Atari Party East took place on Saturday, September 9th, 2017 on a beautiful, late summer afternoon in Somerset NJ, not far from the former World’s Fair Drive area locations of the east coast customer service offices and repair facilities of Atari, during the company’s late 1970s and early 1980s glory days.
What is Atari Party? Atari Party is a celebration of everything Atari! Encompassing all the products that made Atari an amazing company, including arcade video game cabinets, home video game consoles, various home computer lines and everything in between. The original Atari Party concept was the brainchild of Bill Kendrick, who founded and coordinated the event in and around Davis, California from 2009 through 2016. This year’s west coast event will be held on Sunday, October 1st, at the public library in Davis, California, with new man in charge, Marlin “MacRorie” Bates, at the helm.
At Atari Party East, there was a lineup of arcade video games including a four-player Atari Gauntlet, a Centuri Phoenix, a Midway Ms. Pac-Man, a Nintendo Popeye, a Data East Karate Champ as well as others. There is nothing quite as exciting as a highly animated, four-player, marathon game of Gauntlet, at once both team-oriented and extremely competitive, with shouts of “Warrior needs food, badly!” and “Wizard is about to die!” as you clear floor after floor of baddies, while stealing food and potions from your cohorts, in this classic hack and slash dungeon crawl. These three-hundred pound pleasure machines, once icons of the arcade scene, are now just shadows of a golden age, mostly in the hands of collectors and enthusiasts, doing their part to restore and preserve these pieces of Americana and maybe, at the same time, just a little bit of the salad days of their youth.
Classic Atari game consoles setup for play included the 2600 VCS, the 5200 Super System, the XEGS game machine and the 64-bit Jaguar game console. Other consoles included Atari Video Pinball and a stand-alone home Pong unit.
Rob Wanenchak brought his prized ATARI 2800. This rare, Japanese-released Atari 2800 console has four controller ports, rather than just the two controller ports on a standard Atari 2600 console. Its unique game controllers are a combination of an eight direction joystick and an integrated 270-degree paddle. Rob also brought along a handful of his personal collection of Atari 2600 homebrews and other, more rare Atari 2600 game cartridge variations.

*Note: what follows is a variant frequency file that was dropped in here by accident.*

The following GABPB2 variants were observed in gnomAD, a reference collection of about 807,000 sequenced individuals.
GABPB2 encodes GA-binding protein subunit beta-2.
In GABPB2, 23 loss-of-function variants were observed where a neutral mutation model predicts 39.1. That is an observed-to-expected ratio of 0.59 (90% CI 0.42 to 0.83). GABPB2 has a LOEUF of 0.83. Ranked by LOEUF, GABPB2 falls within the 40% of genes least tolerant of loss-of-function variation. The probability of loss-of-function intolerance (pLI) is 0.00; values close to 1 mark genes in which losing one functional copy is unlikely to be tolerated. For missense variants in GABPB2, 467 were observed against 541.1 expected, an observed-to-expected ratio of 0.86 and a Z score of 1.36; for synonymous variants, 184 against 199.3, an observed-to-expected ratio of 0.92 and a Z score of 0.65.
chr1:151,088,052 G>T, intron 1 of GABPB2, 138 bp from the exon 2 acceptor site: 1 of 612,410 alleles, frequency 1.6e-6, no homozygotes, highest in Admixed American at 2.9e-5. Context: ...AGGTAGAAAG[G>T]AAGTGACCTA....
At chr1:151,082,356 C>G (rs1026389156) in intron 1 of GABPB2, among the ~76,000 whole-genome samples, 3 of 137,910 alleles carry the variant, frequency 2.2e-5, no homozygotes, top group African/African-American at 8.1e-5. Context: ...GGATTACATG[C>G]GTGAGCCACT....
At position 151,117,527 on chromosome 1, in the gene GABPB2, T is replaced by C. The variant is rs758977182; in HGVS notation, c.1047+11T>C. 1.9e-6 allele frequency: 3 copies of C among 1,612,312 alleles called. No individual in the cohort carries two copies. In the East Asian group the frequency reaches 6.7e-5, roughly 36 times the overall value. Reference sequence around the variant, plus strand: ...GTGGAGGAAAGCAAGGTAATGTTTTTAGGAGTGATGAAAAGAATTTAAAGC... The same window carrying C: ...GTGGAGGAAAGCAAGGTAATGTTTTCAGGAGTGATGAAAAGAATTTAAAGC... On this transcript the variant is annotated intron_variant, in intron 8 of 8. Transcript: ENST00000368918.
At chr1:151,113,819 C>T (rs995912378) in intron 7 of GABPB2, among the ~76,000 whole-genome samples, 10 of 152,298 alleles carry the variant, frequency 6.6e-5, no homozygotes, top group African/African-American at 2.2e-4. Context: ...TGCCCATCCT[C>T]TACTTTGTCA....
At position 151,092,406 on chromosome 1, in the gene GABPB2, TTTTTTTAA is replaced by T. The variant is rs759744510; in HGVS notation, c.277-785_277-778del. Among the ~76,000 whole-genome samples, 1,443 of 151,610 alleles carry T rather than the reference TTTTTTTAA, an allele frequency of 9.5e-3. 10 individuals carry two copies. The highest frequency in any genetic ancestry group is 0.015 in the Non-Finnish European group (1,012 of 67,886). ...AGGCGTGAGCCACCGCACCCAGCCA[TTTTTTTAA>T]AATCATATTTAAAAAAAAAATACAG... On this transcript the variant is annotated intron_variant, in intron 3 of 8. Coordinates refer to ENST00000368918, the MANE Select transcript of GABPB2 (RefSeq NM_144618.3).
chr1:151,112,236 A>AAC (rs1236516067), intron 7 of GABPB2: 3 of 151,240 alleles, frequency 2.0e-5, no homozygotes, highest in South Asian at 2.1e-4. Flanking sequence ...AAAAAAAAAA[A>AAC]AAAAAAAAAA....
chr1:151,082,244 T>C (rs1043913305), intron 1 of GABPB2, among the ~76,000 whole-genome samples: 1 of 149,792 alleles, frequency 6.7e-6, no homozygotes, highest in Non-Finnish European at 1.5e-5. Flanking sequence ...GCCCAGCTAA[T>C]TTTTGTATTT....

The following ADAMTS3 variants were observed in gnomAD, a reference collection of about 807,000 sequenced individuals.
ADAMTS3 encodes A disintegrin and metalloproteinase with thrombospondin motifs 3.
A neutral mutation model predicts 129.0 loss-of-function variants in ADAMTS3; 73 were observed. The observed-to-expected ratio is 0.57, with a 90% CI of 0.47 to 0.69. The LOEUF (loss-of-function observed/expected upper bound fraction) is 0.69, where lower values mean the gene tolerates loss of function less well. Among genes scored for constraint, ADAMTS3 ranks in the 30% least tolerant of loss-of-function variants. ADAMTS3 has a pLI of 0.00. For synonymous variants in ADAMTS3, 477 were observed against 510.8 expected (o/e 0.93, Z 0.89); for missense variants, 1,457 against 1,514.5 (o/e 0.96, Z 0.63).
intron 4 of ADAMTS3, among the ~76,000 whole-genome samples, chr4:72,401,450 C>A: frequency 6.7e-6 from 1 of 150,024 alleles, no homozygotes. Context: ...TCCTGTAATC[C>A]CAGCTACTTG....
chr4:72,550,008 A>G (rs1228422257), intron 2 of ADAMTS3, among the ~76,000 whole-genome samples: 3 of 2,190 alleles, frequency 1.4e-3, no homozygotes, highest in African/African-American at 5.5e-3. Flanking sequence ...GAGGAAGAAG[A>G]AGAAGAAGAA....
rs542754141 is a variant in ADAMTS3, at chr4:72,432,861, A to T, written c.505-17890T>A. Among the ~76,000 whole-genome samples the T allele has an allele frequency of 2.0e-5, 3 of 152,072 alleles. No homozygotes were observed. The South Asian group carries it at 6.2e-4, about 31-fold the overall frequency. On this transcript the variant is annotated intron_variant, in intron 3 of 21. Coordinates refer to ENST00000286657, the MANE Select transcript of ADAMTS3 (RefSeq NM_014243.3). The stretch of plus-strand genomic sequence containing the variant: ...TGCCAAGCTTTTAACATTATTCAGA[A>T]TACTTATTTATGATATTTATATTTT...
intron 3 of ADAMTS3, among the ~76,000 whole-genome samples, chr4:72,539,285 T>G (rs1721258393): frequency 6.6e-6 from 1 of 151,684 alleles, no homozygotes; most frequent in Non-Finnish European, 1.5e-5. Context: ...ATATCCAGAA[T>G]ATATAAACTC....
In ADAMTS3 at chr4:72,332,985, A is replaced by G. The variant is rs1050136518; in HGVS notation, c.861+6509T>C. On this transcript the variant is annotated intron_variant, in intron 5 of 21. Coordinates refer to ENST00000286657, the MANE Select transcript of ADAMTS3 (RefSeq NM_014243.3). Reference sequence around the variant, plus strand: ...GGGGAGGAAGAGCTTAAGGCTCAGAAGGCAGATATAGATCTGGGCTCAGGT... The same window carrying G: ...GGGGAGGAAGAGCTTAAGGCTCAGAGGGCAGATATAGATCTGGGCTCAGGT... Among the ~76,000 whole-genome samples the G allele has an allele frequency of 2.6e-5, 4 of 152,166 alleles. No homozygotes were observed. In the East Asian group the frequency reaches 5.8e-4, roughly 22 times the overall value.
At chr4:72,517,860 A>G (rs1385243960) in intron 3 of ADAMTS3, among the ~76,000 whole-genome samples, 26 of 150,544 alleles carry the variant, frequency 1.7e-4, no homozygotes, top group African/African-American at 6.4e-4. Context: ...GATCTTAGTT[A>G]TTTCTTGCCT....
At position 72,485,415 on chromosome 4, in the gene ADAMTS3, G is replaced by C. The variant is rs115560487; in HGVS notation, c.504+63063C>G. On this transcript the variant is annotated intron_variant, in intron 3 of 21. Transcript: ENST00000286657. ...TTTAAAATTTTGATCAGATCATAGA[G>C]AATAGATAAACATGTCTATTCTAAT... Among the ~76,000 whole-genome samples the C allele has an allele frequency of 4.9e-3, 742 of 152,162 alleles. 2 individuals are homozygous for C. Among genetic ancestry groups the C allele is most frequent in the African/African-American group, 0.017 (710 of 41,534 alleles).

Influential podcaster Robert “Ferg” Ferguson, host of the popular The Atari 2600 Game By Game Podcast, returned to his old stomping grounds of central Jersey for Atari Party East 2017. Ferg brought his Atari 7800, as well as a selection of some Atari 7800 game cartridges. He also brought his Edladdin Supreme 78 arcade-quality joystick controller and an Edladdin Seagull 78 converter which allows you to use Sega Genesis controllers on the Atari 7800 console. While at the event, Ferg also did a Facebook Live unboxing of the Atari 2600 homebrews Scramble and Star Castle, which are available from the AtariAge store.
Also on display, was a full lineup of Atari 8-bit computers. Recent released homebrews, including Atarinet and Tempest Elite were up and running on the 8-bits. A group of 130XE computers, running the multiplayer game Multi-Dash, were networked together using an SIO Port networking rig built by Nir Dary and provided by Randy Kindig, a co-host of ANTIC The Atari 8-bit Podcast.
Peter Fletcher, fresh off his hugely popular Vintage Computer Festival East Battle Chess: Tournament of Micros exhibit, bought an Atari ST, an Atari Falcon, an Atari Lynx 16-bit handheld game console and an XEGS game console. He had a multitude of various Atari computers all networked together for some multiplayer Midi-Maze mayhem! There was also a competitive game of JHL 15 Hockey running on Peter’s Jaguar.
Paul Rickards, the creator of the popular WiFi232 Internet Hayes Modem for retro computers brought some of his tech including an upgraded Atari Video Music unit which was displaying Atari-generated psychedelic images on a 1702 monitor. He also brought along his upgrade for the Hayes Chronograph real-time clock which allows the chronograph to set the time on its own by employing a ESP8266 WiFi microcontroller with wireless internet access to NTP and HTTP for configuration. Brilliant, this one!
Also setup for play were a Legacy Engineering designed Atari Flashback 2 and a Raspberry Pi 3 running the latest RetroPie software that was loaded up with Atari 2600 and other system ROMs.
Jamie Lendino, author and Editor-in-Chief of ExtremeTech.com, was on hand with his trusty Sharpie pen, graciously signing copies of his new book Breakout: How Atari 8-Bit Computers Defined a Generation. Mike Montana, co-author along with his father Richard, of the niche Atari 2600 word game Glib released by Selchow & Righter was also in attendance, talking shop. Jason Scott, creator of BBS The Documentary and GET LAMP: The Text Adventure Documentary made a cameo appearance as did Evan Koblentz, Director of the Vintage Computer Federation.
There were many other attendees who brought both Atari related items, tables and chairs, and/or food and drinks to share. This amazing, community-supported, day long event was the first Atari Party East. Hopefully it will grow into a larger, annual event, to help preserve the history of Atari, its products and culture, as well as be a showcase for new homebrew software and hardware.